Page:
I go to a knitting group every Wednesday night at the Columbia Borders, and we stay there until late. Last week, I left at my usual time, just before the store closed and headed home. However, shortly after I got on I-695 (the beltway around Baltimore and a trafficy nightmare of doom, for those not from the area), I encountered a strange obstacle obscuring most of the rightmost lane. It looked like one of those salt patches or maybe a pile of snow. I started to hit the brakes, thinking I’d just change lanes, but there wasn’t room to get over.
That’s about the time I realized that I was about to hit a boxspring. Unfortunately, there’s only so much that antilock brakes can do, so I hit it square on, still going something over 40 MPH. The boxspring exploded right before I ran over it, and I began to drag the boxspring with me.
My car began to shimmy back and forth in the lane. Attempts to steer were not going so great. Then the car fishtailed so that I was facing the wrong way, skidding sideways at the same time. At this point, I was smack in the center of 695, facing four lanes of oncoming traffic, and my car was stalled out (I drive a manual). I got my car started and safely moved into the right hand shoulder, and I got out to inspect the damage. Sure enough, the boxspring was still under my car.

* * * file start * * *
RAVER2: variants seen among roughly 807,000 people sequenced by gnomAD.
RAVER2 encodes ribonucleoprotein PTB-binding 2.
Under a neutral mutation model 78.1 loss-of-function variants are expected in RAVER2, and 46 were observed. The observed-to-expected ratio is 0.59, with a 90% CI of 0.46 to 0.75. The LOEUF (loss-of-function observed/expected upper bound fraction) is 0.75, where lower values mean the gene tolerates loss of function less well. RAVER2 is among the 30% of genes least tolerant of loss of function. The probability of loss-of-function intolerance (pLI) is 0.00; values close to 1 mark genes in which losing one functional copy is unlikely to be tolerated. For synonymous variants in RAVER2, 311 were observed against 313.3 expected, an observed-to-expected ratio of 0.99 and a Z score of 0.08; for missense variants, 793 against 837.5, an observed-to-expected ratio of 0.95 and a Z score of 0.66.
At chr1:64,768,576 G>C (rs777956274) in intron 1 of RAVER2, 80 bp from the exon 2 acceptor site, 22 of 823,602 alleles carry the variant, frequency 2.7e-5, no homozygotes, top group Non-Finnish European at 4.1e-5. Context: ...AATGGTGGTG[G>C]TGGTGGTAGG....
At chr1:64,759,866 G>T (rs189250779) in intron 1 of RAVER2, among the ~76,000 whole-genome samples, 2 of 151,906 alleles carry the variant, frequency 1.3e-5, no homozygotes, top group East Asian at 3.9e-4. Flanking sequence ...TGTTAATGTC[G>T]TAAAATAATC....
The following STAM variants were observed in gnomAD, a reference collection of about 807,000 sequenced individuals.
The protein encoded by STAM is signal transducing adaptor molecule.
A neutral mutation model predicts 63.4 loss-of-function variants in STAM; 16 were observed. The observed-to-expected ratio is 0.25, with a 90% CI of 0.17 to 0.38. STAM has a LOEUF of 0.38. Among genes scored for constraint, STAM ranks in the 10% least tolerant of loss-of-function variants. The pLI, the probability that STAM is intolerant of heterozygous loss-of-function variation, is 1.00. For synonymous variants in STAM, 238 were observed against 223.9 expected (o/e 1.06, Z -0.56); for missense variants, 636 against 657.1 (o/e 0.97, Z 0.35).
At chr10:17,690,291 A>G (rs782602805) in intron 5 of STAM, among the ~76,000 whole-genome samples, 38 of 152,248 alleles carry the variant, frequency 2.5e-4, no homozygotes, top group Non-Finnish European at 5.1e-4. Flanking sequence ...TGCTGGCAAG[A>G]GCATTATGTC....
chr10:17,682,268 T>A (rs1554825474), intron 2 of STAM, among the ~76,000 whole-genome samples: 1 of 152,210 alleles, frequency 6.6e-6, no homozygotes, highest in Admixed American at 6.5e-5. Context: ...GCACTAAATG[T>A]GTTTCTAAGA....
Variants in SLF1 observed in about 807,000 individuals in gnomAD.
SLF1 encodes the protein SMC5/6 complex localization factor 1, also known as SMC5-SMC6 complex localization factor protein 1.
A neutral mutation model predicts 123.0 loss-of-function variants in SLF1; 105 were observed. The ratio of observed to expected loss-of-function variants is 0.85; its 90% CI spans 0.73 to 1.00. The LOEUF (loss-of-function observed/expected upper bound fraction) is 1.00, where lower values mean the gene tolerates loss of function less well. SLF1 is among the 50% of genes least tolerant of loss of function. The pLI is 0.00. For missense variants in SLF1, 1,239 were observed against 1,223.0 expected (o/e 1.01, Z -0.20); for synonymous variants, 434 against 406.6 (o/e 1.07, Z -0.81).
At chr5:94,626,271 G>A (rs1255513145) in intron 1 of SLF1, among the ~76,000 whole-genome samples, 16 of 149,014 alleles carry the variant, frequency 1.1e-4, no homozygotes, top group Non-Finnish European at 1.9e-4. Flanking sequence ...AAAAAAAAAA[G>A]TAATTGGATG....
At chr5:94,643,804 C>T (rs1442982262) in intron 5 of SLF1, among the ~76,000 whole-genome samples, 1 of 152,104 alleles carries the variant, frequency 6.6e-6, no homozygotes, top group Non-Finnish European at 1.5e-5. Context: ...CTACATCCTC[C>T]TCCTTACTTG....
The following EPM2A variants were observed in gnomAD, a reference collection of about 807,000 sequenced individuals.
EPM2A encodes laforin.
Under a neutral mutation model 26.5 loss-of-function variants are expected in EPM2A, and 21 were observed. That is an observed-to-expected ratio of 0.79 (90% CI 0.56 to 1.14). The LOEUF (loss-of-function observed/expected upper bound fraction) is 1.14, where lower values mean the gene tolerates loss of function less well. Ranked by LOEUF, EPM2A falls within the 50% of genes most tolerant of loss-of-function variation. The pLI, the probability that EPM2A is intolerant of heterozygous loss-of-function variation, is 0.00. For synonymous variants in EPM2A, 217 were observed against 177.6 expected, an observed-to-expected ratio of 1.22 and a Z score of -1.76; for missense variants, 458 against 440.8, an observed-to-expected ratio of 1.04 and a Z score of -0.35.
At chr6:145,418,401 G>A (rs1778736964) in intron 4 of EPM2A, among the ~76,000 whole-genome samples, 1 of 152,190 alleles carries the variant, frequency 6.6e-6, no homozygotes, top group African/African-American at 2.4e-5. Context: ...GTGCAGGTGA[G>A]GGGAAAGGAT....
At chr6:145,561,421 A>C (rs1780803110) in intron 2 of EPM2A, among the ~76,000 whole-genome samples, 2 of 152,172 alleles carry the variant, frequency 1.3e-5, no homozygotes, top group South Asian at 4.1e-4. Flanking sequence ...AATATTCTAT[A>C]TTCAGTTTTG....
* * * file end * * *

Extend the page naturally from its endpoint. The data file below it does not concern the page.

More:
A young woman, maybe my age, had pulled over to see if I was all right, and after fighting with the boxspring for a few moments, we both realized that it wasn’t going anywhere. I called up roadside assistance, but while I was waiting to be connected, it dawned on both of us that the car was putting out a lot of smoke. The woman called 911 on her cell phone to ask for the fire department while I stayed on hold with Toyota, and sure enough, my car started putting out sparks. Moments later, just as the fire department arrived, flames were shooting out from underneath my car. They got it out quickly enough, thank God, but there was a tense half hour or so while they tried to get the boxspring out from under my car to make sure it wouldn’t catch fire again.
At this point, a police car had also arrived, so I told the woman that I was fine, thanked her, and watched her drive off. I really wish I had thought to ask for her name. Her quick thinking saved my ass.
After that, it was a waiting game. The police officer called for a tow truck himself, and after the fire department got the car off the boxspring (I still don’t know how they managed, as it was seriously wedged in there), he let me wait in his car. The tow truck arrived, the police officer gave me a ride home, and I spent the next hour and a half calling my insurance company and my parents (who were probably a little unglued to be hearing from me at 1AM).
I really don’t know how I survived this. I walked away without a scratch, just a dent in my wallet.
I want to thank the woman that stopped to help me, the fire department for saving my car, and the police officer for driving me home. I also want to thank my auto insurance company (Erie Insurance) for not totaling my car. I will be out a $500 deductible, not the $4500 estimate that the body shop gave the insurance adjuster.
It took me a week to find the words to write this down. Let’s hope this is my last near-death experience for a while.